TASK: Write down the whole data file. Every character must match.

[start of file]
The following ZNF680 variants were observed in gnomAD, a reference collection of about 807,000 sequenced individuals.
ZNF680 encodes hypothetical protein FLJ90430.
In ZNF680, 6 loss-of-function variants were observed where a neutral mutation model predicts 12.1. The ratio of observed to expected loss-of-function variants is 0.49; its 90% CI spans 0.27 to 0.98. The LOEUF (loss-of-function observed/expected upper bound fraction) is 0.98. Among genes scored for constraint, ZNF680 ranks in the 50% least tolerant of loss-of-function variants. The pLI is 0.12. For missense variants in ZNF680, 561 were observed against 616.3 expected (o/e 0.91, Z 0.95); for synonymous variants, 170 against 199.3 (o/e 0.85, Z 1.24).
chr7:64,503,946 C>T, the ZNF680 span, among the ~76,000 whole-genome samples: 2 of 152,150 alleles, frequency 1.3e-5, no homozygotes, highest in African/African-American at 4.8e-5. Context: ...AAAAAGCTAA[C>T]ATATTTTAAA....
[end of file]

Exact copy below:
The following ZNF680 variants were observed in gnomAD, a reference collection of about 807,000 sequenced individuals.
ZNF680 encodes hypothetical protein FLJ90430.
In ZNF680, 6 loss-of-function variants were observed where a neutral mutation model predicts 12.1. The ratio of observed to expected loss-of-function variants is 0.49; its 90% CI spans 0.27 to 0.98. The LOEUF (loss-of-function observed/expected upper bound fraction) is 0.98. Among genes scored for constraint, ZNF680 ranks in the 50% least tolerant of loss-of-function variants. The pLI is 0.12. For missense variants in ZNF680, 561 were observed against 616.3 expected (o/e 0.91, Z 0.95); for synonymous variants, 170 against 199.3 (o/e 0.85, Z 1.24).
chr7:64,503,946 C>T, the ZNF680 span, among the ~76,000 whole-genome samples: 2 of 152,150 alleles, frequency 1.3e-5, no homozygotes, highest in African/African-American at 4.8e-5. Context: ...AAAAAGCTAA[C>T]ATATTTTAAA....